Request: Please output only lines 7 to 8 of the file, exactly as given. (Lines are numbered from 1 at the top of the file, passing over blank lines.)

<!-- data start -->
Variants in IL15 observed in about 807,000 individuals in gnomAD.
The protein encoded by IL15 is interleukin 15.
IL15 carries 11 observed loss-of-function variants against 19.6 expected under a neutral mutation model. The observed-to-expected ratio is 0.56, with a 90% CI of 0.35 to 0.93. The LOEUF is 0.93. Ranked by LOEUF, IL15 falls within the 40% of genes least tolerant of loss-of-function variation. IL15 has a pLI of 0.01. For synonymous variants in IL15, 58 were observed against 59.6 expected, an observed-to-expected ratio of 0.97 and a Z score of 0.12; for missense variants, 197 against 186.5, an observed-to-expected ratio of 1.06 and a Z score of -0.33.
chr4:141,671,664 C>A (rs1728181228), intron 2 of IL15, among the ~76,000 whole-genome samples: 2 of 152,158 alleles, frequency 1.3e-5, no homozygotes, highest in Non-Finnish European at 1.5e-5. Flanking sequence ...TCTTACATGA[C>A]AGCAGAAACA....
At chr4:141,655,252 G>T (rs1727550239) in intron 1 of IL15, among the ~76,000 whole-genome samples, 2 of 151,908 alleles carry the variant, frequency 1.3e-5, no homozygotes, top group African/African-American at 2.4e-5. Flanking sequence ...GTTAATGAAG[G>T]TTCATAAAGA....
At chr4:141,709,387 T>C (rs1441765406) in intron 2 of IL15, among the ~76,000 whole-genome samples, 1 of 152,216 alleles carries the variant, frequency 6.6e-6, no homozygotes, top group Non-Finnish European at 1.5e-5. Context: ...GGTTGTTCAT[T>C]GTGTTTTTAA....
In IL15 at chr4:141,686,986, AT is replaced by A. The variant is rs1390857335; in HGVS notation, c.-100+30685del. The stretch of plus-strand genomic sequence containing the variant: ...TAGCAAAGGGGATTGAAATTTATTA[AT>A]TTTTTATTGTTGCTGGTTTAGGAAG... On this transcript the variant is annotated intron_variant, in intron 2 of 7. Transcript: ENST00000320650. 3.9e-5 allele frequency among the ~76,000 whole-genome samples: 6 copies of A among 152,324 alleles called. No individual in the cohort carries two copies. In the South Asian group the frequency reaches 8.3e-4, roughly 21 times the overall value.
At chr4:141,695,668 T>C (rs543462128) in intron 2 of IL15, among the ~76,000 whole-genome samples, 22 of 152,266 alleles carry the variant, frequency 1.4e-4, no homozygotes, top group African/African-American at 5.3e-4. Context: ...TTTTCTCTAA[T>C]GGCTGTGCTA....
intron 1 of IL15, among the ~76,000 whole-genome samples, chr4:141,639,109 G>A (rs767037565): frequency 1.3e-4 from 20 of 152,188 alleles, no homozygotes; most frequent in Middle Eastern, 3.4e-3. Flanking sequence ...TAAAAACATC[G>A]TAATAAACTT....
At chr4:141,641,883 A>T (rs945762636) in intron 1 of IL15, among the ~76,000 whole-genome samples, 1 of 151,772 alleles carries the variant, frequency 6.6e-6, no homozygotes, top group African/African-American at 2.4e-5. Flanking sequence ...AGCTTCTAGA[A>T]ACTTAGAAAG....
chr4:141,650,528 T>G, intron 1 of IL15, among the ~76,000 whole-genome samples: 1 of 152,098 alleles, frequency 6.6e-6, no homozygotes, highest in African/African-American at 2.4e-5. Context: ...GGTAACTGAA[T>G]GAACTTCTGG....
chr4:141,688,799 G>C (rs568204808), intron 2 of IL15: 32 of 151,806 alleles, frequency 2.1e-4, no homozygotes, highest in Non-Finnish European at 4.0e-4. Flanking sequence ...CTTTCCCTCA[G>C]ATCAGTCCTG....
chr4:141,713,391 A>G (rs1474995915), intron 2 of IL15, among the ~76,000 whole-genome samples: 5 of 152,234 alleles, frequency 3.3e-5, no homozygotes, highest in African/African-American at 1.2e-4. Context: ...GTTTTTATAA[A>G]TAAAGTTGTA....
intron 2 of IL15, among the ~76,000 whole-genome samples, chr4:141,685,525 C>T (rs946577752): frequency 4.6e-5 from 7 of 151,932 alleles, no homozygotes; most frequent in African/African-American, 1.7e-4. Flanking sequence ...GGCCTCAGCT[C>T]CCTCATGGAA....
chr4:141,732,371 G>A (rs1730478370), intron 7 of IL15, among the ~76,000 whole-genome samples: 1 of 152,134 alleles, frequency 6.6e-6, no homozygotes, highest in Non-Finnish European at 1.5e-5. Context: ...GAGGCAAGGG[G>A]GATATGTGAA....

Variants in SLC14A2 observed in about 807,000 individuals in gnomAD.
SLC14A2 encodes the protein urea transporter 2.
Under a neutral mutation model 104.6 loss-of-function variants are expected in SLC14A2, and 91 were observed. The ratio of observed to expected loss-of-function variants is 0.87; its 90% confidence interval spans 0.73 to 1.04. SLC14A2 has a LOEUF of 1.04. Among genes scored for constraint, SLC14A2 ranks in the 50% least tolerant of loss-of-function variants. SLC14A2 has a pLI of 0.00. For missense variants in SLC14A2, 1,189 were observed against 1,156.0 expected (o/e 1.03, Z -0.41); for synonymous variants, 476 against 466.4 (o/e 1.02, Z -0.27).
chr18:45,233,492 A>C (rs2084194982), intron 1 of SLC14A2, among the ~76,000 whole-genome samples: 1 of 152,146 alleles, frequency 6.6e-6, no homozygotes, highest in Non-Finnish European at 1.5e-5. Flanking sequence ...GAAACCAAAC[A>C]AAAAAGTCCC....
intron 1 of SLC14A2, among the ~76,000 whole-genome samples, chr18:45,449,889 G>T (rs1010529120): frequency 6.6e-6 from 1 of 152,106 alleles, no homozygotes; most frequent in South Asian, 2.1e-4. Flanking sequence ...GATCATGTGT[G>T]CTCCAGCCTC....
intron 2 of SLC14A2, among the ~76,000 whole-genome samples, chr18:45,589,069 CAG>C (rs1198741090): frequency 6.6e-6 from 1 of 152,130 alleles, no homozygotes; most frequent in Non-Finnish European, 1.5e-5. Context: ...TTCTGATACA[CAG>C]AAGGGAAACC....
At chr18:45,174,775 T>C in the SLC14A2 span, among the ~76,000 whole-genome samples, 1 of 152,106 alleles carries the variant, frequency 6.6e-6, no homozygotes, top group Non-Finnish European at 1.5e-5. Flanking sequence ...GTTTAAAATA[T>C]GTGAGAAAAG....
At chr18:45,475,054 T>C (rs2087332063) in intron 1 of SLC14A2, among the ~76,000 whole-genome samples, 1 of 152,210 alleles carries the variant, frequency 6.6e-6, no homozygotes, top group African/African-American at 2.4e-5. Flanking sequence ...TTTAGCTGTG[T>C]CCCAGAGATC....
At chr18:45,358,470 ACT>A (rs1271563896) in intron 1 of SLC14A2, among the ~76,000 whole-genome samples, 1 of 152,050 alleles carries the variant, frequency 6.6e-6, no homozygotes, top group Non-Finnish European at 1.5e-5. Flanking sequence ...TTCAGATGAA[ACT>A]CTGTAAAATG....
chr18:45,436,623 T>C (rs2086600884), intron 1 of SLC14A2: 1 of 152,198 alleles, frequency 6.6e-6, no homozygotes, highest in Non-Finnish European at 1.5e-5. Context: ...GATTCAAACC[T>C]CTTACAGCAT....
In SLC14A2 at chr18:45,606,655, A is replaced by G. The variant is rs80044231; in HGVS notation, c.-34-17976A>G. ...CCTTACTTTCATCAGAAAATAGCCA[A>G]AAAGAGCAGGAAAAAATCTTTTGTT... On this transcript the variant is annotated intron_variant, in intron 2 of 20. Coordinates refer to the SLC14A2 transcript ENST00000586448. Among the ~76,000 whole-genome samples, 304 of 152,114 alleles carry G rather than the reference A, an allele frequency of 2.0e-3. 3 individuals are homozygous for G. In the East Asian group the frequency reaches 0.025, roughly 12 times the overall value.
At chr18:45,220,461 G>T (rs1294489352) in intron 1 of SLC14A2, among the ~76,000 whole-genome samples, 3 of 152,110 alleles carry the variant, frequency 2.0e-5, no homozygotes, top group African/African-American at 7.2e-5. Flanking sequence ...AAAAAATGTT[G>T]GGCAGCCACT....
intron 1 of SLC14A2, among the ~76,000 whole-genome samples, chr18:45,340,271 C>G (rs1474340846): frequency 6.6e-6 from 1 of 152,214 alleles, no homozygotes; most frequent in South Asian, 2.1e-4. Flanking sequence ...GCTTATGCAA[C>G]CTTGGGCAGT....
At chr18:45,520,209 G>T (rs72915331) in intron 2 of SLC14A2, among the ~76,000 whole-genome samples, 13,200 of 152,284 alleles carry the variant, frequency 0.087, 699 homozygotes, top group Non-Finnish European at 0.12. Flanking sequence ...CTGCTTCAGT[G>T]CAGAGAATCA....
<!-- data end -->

In IL15 at chr4:141,686,986, AT is replaced by A. The variant is rs1390857335; in HGVS notation, c.-100+30685del. The stretch of plus-strand genomic sequence containing the variant: ...TAGCAAAGGGGATTGAAATTTATTA[AT>A]TTTTTATTGTTGCTGGTTTAGGAAG... On this transcript the variant is annotated intron_variant, in intron 2 of 7. Transcript: ENST00000320650. 3.9e-5 allele frequency among the ~76,000 whole-genome samples: 6 copies of A among 152,324 alleles called. No individual in the cohort carries two copies. In the South Asian group the frequency reaches 8.3e-4, roughly 21 times the overall value.
At chr4:141,695,668 T>C (rs543462128) in intron 2 of IL15, among the ~76,000 whole-genome samples, 22 of 152,266 alleles carry the variant, frequency 1.4e-4, no homozygotes, top group African/African-American at 5.3e-4. Context: ...TTTTCTCTAA[T>C]GGCTGTGCTA....